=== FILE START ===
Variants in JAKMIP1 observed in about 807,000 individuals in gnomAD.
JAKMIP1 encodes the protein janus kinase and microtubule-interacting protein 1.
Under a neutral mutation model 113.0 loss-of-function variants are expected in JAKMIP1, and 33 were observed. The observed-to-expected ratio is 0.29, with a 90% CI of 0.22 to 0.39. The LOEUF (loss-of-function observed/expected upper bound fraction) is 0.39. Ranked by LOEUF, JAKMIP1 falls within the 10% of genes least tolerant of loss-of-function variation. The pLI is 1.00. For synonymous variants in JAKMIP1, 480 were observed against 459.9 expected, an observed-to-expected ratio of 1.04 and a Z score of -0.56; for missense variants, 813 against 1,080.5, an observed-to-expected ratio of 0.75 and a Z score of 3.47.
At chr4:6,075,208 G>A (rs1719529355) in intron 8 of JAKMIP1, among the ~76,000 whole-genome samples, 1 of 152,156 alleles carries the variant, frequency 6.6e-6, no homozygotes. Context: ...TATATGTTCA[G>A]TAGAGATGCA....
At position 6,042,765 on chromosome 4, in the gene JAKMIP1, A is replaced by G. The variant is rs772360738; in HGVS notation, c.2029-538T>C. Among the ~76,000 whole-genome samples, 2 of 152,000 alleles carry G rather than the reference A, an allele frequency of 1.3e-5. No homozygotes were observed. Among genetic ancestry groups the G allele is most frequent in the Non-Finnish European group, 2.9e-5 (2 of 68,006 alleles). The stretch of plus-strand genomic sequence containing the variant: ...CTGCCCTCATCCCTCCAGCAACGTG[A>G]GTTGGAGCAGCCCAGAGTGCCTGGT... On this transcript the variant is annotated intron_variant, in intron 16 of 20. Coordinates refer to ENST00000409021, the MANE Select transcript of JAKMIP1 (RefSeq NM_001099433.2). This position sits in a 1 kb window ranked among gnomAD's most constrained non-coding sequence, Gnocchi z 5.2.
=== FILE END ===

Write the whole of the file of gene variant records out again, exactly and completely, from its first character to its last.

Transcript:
Variants in JAKMIP1 observed in about 807,000 individuals in gnomAD.
JAKMIP1 encodes the protein janus kinase and microtubule-interacting protein 1.
Under a neutral mutation model 113.0 loss-of-function variants are expected in JAKMIP1, and 33 were observed. The observed-to-expected ratio is 0.29, with a 90% CI of 0.22 to 0.39. The LOEUF (loss-of-function observed/expected upper bound fraction) is 0.39. Ranked by LOEUF, JAKMIP1 falls within the 10% of genes least tolerant of loss-of-function variation. The pLI is 1.00. For synonymous variants in JAKMIP1, 480 were observed against 459.9 expected, an observed-to-expected ratio of 1.04 and a Z score of -0.56; for missense variants, 813 against 1,080.5, an observed-to-expected ratio of 0.75 and a Z score of 3.47.
At chr4:6,075,208 G>A (rs1719529355) in intron 8 of JAKMIP1, among the ~76,000 whole-genome samples, 1 of 152,156 alleles carries the variant, frequency 6.6e-6, no homozygotes. Context: ...TATATGTTCA[G>A]TAGAGATGCA....
At position 6,042,765 on chromosome 4, in the gene JAKMIP1, A is replaced by G. The variant is rs772360738; in HGVS notation, c.2029-538T>C. Among the ~76,000 whole-genome samples, 2 of 152,000 alleles carry G rather than the reference A, an allele frequency of 1.3e-5. No homozygotes were observed. Among genetic ancestry groups the G allele is most frequent in the Non-Finnish European group, 2.9e-5 (2 of 68,006 alleles). The stretch of plus-strand genomic sequence containing the variant: ...CTGCCCTCATCCCTCCAGCAACGTG[A>G]GTTGGAGCAGCCCAGAGTGCCTGGT... On this transcript the variant is annotated intron_variant, in intron 16 of 20. Coordinates refer to ENST00000409021, the MANE Select transcript of JAKMIP1 (RefSeq NM_001099433.2). This position sits in a 1 kb window ranked among gnomAD's most constrained non-coding sequence, Gnocchi z 5.2.